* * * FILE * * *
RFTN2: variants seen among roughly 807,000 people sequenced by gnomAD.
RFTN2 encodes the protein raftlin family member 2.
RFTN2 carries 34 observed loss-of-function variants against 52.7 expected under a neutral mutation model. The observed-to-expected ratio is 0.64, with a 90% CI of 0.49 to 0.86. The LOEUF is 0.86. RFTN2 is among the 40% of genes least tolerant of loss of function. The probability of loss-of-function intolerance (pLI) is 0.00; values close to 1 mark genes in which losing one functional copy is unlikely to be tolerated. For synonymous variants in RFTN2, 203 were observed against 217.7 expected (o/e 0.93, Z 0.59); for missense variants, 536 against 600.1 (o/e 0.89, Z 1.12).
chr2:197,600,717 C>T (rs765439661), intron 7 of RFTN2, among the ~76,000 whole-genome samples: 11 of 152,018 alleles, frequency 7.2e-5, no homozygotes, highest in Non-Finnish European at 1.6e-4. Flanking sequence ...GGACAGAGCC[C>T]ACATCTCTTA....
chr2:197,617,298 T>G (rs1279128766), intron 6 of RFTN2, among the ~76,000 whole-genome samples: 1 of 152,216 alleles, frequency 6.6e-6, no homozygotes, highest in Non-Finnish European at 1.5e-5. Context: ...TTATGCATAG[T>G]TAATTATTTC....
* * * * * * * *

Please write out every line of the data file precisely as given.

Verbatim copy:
RFTN2: variants seen among roughly 807,000 people sequenced by gnomAD.
RFTN2 encodes the protein raftlin family member 2.
RFTN2 carries 34 observed loss-of-function variants against 52.7 expected under a neutral mutation model. The observed-to-expected ratio is 0.64, with a 90% CI of 0.49 to 0.86. The LOEUF is 0.86. RFTN2 is among the 40% of genes least tolerant of loss of function. The probability of loss-of-function intolerance (pLI) is 0.00; values close to 1 mark genes in which losing one functional copy is unlikely to be tolerated. For synonymous variants in RFTN2, 203 were observed against 217.7 expected (o/e 0.93, Z 0.59); for missense variants, 536 against 600.1 (o/e 0.89, Z 1.12).
chr2:197,600,717 C>T (rs765439661), intron 7 of RFTN2, among the ~76,000 whole-genome samples: 11 of 152,018 alleles, frequency 7.2e-5, no homozygotes, highest in Non-Finnish European at 1.6e-4. Flanking sequence ...GGACAGAGCC[C>T]ACATCTCTTA....
chr2:197,617,298 T>G (rs1279128766), intron 6 of RFTN2, among the ~76,000 whole-genome samples: 1 of 152,216 alleles, frequency 6.6e-6, no homozygotes, highest in Non-Finnish European at 1.5e-5. Context: ...TTATGCATAG[T>G]TAATTATTTC....